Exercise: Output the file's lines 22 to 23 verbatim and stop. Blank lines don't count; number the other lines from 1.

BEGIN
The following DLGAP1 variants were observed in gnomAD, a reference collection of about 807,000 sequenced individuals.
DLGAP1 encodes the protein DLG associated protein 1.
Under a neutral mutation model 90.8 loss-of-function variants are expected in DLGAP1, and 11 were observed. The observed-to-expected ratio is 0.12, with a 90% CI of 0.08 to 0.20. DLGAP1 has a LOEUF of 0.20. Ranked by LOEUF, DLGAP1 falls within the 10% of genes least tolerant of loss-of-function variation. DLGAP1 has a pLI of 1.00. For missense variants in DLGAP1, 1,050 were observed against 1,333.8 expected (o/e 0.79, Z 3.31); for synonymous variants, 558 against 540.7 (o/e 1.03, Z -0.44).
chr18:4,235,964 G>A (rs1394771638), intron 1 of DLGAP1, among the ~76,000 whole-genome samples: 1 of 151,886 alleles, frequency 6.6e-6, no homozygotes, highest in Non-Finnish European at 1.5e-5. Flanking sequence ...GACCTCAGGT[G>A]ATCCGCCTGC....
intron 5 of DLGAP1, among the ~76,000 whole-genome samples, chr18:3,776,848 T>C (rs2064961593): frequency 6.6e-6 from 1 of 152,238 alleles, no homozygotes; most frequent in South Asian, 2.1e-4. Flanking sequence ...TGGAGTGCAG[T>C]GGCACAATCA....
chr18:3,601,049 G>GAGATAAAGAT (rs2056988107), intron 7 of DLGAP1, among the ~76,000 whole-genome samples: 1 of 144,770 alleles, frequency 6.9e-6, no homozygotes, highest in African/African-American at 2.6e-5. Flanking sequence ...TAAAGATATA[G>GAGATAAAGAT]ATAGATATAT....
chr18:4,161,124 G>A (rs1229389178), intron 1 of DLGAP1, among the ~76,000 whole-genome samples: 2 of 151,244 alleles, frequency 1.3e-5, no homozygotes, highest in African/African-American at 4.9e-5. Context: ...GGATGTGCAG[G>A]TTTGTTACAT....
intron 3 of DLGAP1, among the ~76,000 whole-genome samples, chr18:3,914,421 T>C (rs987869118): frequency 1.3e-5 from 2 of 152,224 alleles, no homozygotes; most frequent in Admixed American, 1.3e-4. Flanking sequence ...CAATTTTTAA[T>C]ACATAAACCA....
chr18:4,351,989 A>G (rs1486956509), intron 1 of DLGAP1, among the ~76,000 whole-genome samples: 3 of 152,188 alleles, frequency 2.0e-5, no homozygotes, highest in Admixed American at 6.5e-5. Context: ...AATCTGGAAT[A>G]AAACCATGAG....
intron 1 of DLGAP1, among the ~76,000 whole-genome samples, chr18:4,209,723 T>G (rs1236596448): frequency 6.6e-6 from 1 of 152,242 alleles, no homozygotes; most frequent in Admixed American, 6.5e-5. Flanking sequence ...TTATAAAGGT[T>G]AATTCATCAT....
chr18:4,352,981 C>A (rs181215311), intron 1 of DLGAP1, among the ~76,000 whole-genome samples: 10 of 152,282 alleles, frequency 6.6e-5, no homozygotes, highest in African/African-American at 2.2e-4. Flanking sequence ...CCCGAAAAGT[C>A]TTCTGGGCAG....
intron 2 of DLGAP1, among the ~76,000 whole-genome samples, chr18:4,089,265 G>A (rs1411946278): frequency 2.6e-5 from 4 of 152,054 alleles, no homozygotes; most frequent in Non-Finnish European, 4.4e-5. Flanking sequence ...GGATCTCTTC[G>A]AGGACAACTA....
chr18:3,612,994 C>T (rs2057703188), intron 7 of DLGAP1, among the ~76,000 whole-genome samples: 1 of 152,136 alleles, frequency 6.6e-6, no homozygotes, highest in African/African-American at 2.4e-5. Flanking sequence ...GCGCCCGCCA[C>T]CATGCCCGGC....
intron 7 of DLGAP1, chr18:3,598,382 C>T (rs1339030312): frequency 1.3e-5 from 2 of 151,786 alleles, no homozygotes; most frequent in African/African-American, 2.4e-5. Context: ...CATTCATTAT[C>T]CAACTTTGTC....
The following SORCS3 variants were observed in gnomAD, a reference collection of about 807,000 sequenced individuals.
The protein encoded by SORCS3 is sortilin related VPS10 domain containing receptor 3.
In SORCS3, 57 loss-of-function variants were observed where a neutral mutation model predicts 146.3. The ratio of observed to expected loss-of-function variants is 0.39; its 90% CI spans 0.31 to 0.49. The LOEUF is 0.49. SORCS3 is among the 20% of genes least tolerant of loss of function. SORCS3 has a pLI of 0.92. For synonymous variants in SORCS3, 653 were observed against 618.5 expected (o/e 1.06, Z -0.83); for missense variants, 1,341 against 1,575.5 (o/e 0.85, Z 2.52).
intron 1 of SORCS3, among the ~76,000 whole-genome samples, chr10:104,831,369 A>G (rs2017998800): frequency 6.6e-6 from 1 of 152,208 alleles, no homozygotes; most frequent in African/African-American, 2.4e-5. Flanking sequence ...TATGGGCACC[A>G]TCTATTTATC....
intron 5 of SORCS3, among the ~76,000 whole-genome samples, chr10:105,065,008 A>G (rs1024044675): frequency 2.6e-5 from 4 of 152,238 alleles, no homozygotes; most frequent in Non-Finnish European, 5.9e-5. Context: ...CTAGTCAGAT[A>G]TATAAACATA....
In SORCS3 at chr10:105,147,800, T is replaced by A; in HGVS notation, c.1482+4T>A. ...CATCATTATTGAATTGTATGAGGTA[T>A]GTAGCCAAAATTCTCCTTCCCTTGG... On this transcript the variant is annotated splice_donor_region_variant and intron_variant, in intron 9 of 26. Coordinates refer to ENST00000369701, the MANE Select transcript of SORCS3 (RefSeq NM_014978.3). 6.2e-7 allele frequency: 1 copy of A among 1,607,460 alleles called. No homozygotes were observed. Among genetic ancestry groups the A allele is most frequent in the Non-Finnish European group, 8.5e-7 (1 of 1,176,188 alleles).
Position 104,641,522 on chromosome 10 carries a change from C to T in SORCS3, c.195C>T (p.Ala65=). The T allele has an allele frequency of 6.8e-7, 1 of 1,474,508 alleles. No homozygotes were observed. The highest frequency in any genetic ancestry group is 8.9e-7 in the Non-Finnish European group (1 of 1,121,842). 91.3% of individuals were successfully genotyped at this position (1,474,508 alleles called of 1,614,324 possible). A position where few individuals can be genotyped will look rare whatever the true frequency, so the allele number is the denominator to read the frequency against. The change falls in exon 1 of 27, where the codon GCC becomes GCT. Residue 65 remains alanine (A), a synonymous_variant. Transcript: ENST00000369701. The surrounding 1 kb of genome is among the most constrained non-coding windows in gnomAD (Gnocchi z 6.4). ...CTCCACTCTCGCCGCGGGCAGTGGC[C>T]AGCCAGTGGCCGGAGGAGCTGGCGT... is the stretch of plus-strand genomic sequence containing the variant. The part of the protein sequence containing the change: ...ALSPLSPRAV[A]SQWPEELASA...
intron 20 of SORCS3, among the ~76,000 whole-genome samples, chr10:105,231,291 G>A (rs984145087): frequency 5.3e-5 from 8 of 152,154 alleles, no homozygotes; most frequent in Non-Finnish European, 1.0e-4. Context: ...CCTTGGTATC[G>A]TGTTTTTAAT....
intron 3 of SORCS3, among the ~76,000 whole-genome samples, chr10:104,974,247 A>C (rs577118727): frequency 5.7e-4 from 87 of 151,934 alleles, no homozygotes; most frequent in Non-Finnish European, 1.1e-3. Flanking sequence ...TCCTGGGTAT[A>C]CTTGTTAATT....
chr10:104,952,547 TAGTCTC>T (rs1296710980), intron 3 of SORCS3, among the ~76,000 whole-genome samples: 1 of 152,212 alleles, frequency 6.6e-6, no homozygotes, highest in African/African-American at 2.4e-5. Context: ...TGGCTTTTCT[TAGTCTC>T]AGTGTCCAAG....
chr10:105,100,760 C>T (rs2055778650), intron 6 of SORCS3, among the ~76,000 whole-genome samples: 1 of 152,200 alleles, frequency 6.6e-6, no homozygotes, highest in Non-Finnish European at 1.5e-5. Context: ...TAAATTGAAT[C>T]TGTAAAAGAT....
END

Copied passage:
intron 20 of SORCS3, among the ~76,000 whole-genome samples, chr10:105,231,291 G>A (rs984145087): frequency 5.3e-5 from 8 of 152,154 alleles, no homozygotes; most frequent in Non-Finnish European, 1.0e-4. Context: ...CCTTGGTATC[G>A]TGTTTTTAAT....
intron 3 of SORCS3, among the ~76,000 whole-genome samples, chr10:104,974,247 A>C (rs577118727): frequency 5.7e-4 from 87 of 151,934 alleles, no homozygotes; most frequent in Non-Finnish European, 1.1e-3. Flanking sequence ...TCCTGGGTAT[A>C]CTTGTTAATT....